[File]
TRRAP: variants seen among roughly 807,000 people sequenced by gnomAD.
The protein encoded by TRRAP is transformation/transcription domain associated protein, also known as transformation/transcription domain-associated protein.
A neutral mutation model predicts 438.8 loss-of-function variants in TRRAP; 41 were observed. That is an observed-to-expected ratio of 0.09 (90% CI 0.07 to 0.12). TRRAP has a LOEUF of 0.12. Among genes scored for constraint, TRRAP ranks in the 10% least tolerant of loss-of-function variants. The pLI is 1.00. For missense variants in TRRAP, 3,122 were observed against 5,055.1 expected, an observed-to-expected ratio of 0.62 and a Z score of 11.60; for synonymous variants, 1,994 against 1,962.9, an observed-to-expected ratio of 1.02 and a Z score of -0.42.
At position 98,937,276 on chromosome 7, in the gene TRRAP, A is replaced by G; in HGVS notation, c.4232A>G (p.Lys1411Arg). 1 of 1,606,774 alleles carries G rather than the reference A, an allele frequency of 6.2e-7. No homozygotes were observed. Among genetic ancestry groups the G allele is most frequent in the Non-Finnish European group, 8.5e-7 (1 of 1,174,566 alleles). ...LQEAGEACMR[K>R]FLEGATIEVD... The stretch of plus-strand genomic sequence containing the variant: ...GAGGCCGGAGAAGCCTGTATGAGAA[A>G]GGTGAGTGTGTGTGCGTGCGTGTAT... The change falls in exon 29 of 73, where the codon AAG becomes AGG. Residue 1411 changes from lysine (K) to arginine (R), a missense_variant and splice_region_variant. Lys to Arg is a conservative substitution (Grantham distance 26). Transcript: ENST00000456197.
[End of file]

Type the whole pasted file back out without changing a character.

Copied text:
TRRAP: variants seen among roughly 807,000 people sequenced by gnomAD.
The protein encoded by TRRAP is transformation/transcription domain associated protein, also known as transformation/transcription domain-associated protein.
A neutral mutation model predicts 438.8 loss-of-function variants in TRRAP; 41 were observed. That is an observed-to-expected ratio of 0.09 (90% CI 0.07 to 0.12). TRRAP has a LOEUF of 0.12. Among genes scored for constraint, TRRAP ranks in the 10% least tolerant of loss-of-function variants. The pLI is 1.00. For missense variants in TRRAP, 3,122 were observed against 5,055.1 expected, an observed-to-expected ratio of 0.62 and a Z score of 11.60; for synonymous variants, 1,994 against 1,962.9, an observed-to-expected ratio of 1.02 and a Z score of -0.42.
At position 98,937,276 on chromosome 7, in the gene TRRAP, A is replaced by G; in HGVS notation, c.4232A>G (p.Lys1411Arg). 1 of 1,606,774 alleles carries G rather than the reference A, an allele frequency of 6.2e-7. No homozygotes were observed. Among genetic ancestry groups the G allele is most frequent in the Non-Finnish European group, 8.5e-7 (1 of 1,174,566 alleles). ...LQEAGEACMR[K>R]FLEGATIEVD... The stretch of plus-strand genomic sequence containing the variant: ...GAGGCCGGAGAAGCCTGTATGAGAA[A>G]GGTGAGTGTGTGTGCGTGCGTGTAT... The change falls in exon 29 of 73, where the codon AAG becomes AGG. Residue 1411 changes from lysine (K) to arginine (R), a missense_variant and splice_region_variant. Lys to Arg is a conservative substitution (Grantham distance 26). Transcript: ENST00000456197.